My Opinion of the CQ WW 160M CW Contest 2011
The CQ WW 160m CW Contest is over and I’d like to say, it was rather temperamental.
Discussion on the Contest commenced in the Contest.ru long before it started; the main subject has being about legal Russian power of 10 W allowed.
Well, if one reviews the case based on the contest rules, nobody prohibits a participant to operate 10 W and apply in LP in due order, or HP.
A participant is free to select his entry.
Actually, it’s of course understandable that in case of inspection any Russian amateur will be a violator.
Russian hams are not alone here though, as 1.5 kW output power limit allowed by the sponsors is also being violated by many participants.
In general, the power issue is delicate subject, as there is no difference whether you exceeded 1W, or 3kW, or 10kW; PA’s available on the market do not have such restrictions, so one can say that everybody violates this rule.
International contests criteria are another subject.
If the contest pretends to be international, either equal rules shall be applied for all participants (to allow the minimum legal power as the highest contest power limit), or remove 1500 W limit and other terms that refer to national rules compliance; one more option would be to make separate group entry for US hams operating from continental USA with power limitation, and do not apply this rules to the others.
What was the best remembered in the CQ WW 160m CW Contest 2011?
- Fantastic activity
I never saw such number of countries in this contest.
Very high activity from Caribbean and South America, growth of stations from the Middle East and Asia, there were not a few African stations also.
- New technologies
Dual CQ was displayed by a few M/S teams, and we may expect the same from SO. Perhaps, they use it already, - may be I didn’t note this.
- Poor reception of the leaders
I was surprised with reception of EF8M and CR2X. I heard their records a few times, but their response to pile-up calls were ‘CQ’. In particular, EF8M had evident reception difficulties, although CR2X also had it. I think would they have better reception possibilities; their results might be much higher.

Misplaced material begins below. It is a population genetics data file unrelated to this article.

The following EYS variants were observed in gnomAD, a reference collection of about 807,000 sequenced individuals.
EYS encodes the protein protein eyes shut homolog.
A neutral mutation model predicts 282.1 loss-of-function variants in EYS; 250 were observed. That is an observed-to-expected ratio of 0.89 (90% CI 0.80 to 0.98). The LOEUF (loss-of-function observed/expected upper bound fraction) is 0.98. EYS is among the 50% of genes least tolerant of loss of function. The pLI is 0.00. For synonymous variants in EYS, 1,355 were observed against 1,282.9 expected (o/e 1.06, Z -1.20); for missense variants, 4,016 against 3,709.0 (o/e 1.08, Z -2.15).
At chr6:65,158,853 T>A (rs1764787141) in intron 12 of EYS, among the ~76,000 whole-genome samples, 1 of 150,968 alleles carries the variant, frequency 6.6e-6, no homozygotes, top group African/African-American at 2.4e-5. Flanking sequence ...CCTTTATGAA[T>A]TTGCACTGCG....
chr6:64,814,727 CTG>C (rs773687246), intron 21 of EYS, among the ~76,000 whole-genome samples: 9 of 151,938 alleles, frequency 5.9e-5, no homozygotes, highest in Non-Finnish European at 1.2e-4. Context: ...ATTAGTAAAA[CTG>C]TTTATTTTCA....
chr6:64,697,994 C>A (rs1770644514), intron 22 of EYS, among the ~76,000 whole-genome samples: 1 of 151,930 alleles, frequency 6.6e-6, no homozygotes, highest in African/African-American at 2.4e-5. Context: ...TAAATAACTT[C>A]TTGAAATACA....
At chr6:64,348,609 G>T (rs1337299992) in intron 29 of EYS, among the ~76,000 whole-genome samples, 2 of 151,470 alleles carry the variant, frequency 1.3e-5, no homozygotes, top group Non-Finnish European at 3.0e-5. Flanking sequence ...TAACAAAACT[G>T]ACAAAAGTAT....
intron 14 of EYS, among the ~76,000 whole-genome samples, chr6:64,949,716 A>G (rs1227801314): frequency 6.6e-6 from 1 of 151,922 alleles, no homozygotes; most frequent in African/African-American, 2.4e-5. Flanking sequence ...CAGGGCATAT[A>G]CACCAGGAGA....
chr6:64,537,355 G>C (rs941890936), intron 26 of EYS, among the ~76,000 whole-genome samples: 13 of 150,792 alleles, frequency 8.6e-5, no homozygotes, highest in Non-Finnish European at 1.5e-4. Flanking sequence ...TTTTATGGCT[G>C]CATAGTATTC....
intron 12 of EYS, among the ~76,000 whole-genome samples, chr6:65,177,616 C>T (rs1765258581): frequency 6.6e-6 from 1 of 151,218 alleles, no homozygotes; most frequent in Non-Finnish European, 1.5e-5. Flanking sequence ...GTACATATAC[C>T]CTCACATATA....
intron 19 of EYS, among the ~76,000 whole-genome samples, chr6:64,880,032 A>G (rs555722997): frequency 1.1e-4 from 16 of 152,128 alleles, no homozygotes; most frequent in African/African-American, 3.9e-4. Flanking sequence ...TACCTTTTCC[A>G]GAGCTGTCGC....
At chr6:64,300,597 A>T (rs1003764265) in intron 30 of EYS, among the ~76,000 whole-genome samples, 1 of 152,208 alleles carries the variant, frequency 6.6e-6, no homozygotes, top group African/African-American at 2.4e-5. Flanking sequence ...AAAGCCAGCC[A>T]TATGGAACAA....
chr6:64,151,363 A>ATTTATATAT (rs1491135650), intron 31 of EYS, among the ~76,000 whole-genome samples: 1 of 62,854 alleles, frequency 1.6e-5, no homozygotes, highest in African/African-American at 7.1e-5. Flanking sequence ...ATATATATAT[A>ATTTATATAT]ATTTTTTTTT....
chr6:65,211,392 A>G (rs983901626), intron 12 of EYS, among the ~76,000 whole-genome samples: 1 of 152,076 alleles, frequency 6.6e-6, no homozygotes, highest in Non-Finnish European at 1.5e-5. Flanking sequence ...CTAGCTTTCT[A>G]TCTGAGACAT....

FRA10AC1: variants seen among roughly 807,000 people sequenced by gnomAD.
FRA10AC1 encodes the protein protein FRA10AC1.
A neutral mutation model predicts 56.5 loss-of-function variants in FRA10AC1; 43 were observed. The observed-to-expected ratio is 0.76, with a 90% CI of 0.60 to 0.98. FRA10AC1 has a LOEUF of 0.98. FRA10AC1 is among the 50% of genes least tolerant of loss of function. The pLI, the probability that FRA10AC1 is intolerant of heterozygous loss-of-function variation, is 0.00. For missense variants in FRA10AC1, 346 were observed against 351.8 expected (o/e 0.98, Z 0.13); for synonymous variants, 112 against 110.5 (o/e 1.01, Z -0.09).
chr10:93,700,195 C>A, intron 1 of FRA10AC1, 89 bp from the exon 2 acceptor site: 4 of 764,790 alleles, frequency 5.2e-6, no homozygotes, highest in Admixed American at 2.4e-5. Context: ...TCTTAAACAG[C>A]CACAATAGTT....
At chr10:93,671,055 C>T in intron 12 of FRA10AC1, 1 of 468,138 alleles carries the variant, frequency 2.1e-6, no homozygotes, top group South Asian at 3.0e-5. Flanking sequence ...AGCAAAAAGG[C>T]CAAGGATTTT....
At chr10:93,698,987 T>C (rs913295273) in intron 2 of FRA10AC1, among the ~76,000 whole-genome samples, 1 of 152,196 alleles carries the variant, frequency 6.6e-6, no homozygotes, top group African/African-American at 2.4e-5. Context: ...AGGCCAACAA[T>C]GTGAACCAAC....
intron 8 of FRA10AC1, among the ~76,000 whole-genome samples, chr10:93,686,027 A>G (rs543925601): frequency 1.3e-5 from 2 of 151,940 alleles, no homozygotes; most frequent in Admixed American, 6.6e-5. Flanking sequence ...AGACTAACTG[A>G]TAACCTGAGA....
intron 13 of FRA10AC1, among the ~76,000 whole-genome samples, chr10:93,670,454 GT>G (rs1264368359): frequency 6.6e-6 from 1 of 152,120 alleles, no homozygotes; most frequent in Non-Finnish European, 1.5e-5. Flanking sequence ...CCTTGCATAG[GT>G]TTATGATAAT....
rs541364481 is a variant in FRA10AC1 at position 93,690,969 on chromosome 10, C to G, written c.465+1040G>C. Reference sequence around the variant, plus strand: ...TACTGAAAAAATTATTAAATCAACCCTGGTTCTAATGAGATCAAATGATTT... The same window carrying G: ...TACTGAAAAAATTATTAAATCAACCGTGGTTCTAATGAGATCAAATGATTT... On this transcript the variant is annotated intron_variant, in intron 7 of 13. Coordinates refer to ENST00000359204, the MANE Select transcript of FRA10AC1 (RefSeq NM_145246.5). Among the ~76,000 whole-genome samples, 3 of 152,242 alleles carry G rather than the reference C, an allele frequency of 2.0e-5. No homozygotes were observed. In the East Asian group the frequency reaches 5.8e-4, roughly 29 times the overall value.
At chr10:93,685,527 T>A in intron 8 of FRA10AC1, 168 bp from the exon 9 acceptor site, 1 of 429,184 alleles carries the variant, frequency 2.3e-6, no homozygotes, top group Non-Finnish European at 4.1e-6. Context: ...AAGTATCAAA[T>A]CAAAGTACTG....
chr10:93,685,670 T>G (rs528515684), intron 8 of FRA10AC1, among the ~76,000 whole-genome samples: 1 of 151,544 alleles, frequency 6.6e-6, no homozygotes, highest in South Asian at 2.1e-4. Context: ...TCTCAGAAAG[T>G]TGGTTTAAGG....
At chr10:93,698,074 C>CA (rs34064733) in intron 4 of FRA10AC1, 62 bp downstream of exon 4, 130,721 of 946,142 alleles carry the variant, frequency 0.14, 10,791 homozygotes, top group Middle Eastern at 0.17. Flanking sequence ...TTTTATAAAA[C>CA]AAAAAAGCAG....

- Low competition in SO
Competition between SO was very hard in Europe, easier (IMHO) in NA, and absolutely no competition in Africa, taking into consideration the rules of the contest, advantage, and actually unbroken advantage of West Africa (although, Europeans are trying to annul it in every possible way). The only station from West Africa was EF8M. So this competition was per se.
To be fair, this is not WW 160 problem only, but CQ WW as well. Though, for sure in CQ WW this category dramatically reduced DX-pedition activities.
Perhaps, I am risking, but actually all notes will be about UA8AA, ex RA9JR, but he opened out to be a ‘talented’ guy.
It was his second contest as UA5A, and the second scandal in row, - on the international stage now.
Absolutely not charging his brains with Russian instruction, he operated CQ below 1810 for hours.
Perhaps someone can explain Yuri that it is not a crime to spot a station, and it is not prohibited by the contest rules.
Another thing, if you’ve got telephone instruction to spot the station; but even in this case one has to spot with his own call sign, and in no case with a few calls, like Yuri did when he generated spots from RZ3AXX, RA9JR, RZ3AYE, RX3DUU (the last one is perhaps extended version of RX3DU).
Of course, all spots were from the same IP address.
One does not need to be explained of Yury’s style to call multipliers; he even managed to be black-listed by J28AA.
Those were my impressions in general.
I very much liked the competition within Europe.
To be honest, I expected more multipliers from the contesters, and thought somebody would exceed 110 countries level. Perhaps, this’ll happen the next year.
My congratulations to all participants with excellent scores, with new countries, and with the pleasure obtained.
My congrats to N2NT who succeeded to popularize the contest feasibly.
73 Al 4L5A